Junior Hayli Mathe at the poster session in Old Main.

Experience Is Built Into Bethany Academics

Bethany, because of its size and personal attention from professors, affords students the opportunity to participate in things that are not always part of an undergraduate experience. One such event was a recent poster presentation by psychology students. On Monday, November 6, several students displayed their posters in the lobby of Old Main with the goal to explain both research topics and recent internship experiences to the campus. 

Junior Hayli Mathe is majoring in psychology and presented information about forensic psychology. Her work began with a research paper and culminated in the poster presentation. She chose her topic, as did other presenters, from a list of possible ideas offered by Associate Professor of Psychology Doctor Jennifer Wosmek. 

“I presented three or four drafts of my paper and refined it to the point of being ready for the poster presentation,” noted Mathe. 

Sophomore Molly Stark explained her summer 2017 internship experience where she served as a resident assistant with a group of students from United International College in Zhuhai, China, who were studying at Bethany. The Chinese students studied at Bethany for four weeks, and Stark, an exercise science/biology major, was with the group for nearly every aspect of their visit. 

“While I learned a little of the Chinese language, I really enjoyed the relationships I was able to build with the students from China,” noted Stark. 

All of the students involved with the presentations mentioned that they appreciated the opportunity to verbally explain their work to students and professors from across the campus. 

Wosmek has specific goals and outcomes in mind for her students while they are presenting research in a formal setting.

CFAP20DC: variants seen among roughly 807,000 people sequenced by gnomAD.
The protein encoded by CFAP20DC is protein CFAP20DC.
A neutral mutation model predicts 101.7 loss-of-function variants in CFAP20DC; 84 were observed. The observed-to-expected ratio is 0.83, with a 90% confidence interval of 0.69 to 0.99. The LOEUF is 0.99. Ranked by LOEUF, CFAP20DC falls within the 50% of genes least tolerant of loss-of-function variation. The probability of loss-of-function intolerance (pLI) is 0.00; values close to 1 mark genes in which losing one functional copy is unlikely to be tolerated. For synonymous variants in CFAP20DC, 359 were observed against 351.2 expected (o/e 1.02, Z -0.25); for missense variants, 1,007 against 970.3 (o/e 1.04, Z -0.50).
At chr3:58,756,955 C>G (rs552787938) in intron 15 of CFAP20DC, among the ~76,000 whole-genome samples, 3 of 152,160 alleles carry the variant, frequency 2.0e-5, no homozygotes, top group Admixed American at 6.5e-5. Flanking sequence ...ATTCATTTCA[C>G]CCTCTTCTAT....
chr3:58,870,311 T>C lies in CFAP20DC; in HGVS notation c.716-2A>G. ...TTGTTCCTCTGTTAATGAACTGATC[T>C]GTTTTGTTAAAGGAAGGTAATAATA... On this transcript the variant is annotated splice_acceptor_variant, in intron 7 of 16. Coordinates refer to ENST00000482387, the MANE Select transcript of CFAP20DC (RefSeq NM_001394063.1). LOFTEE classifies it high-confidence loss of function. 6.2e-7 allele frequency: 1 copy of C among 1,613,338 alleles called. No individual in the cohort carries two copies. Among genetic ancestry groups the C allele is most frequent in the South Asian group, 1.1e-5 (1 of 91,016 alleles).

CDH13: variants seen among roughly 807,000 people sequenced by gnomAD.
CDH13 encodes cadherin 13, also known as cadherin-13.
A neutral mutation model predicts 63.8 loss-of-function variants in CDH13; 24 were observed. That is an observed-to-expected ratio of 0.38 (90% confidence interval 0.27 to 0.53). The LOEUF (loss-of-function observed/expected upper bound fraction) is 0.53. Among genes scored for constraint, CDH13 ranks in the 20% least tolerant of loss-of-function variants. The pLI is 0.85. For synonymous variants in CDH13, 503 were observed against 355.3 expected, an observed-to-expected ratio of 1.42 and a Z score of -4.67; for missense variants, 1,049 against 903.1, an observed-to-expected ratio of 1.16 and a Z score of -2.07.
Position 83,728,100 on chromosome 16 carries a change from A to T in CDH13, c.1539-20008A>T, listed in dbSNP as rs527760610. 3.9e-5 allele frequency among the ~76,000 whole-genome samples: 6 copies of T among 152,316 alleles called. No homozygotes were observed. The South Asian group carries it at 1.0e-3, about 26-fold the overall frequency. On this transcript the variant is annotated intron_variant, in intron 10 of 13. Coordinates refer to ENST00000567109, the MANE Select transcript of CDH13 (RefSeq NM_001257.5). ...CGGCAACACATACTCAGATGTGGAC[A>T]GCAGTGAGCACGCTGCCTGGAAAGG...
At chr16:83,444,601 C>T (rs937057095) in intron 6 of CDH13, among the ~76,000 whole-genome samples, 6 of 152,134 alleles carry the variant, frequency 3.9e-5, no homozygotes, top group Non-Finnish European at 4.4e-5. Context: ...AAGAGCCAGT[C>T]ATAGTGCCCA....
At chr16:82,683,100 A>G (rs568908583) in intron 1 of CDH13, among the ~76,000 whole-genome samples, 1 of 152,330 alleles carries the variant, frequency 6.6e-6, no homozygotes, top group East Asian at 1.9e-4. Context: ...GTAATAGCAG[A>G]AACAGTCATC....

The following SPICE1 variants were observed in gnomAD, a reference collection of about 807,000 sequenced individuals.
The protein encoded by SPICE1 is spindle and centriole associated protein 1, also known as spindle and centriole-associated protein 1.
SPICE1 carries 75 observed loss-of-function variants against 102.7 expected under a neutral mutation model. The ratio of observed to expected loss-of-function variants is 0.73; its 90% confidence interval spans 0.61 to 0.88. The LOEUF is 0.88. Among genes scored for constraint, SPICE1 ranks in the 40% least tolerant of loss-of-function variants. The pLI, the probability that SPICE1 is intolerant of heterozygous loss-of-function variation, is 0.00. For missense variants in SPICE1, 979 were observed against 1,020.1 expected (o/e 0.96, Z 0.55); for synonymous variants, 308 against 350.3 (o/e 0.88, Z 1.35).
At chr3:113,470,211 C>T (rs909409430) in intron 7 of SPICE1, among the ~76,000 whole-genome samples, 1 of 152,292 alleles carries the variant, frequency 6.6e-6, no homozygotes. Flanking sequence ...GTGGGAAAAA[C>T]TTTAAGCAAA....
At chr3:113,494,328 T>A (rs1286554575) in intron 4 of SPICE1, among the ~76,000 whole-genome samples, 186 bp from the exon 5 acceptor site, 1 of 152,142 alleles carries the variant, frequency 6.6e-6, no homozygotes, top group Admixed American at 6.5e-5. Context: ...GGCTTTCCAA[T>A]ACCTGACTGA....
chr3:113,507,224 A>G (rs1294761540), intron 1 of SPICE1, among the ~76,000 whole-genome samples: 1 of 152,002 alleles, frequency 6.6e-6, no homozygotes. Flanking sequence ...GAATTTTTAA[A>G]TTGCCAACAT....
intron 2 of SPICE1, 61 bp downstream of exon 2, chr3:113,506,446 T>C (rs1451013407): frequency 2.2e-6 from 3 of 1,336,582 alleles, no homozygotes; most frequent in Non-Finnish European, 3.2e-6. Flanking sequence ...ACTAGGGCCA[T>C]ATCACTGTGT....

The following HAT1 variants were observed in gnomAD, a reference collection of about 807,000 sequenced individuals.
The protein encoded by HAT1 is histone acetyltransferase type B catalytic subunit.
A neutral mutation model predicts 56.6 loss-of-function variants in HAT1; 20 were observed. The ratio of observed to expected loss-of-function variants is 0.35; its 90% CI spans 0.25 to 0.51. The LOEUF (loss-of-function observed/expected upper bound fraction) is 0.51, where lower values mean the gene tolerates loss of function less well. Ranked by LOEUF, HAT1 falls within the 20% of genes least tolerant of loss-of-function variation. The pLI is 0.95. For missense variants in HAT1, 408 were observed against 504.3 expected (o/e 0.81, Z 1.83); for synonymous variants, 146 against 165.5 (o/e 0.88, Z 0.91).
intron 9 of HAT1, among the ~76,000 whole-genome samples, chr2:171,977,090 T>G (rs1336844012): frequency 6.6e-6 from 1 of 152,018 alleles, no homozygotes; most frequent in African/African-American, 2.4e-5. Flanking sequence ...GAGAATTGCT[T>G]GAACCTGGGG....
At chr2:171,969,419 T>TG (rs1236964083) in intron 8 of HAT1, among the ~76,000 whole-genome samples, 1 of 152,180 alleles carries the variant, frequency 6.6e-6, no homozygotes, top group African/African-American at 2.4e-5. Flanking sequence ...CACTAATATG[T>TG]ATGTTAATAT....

“Through the poster project, students gain experience writing and then communicating complex material to a general audience. Creating and presenting posters is common for students in graduate school, but demonstrating these skills already at the undergraduate level puts students ahead of the game in the eyes of potential employers or graduate admissions committees, explained Wosmek. 

“For the campus, the poster session engages the campus with the field of psychology. Students on campus who are unfamiliar with the scope of the field may decide to pursue psychology as either a major or minor. For the profession, the poster session serves to inform everyone about the range of services provided by psychologists and hopefully encourages attendees to seek those services should the need arise. Lastly, the poster session serves the campus by giving attendees the experience of evaluating the posters and presenters, which itself is an important professional skill.“

Over 70 students and faculty from across the campus took the time to individually evaluate each of the presenters during the poster session. Wosmek sees tremendous benefit for the presenters. 

“The feedback students receive on their poster and presentations gives students the important skill of graciously receiving and responding to feedback.”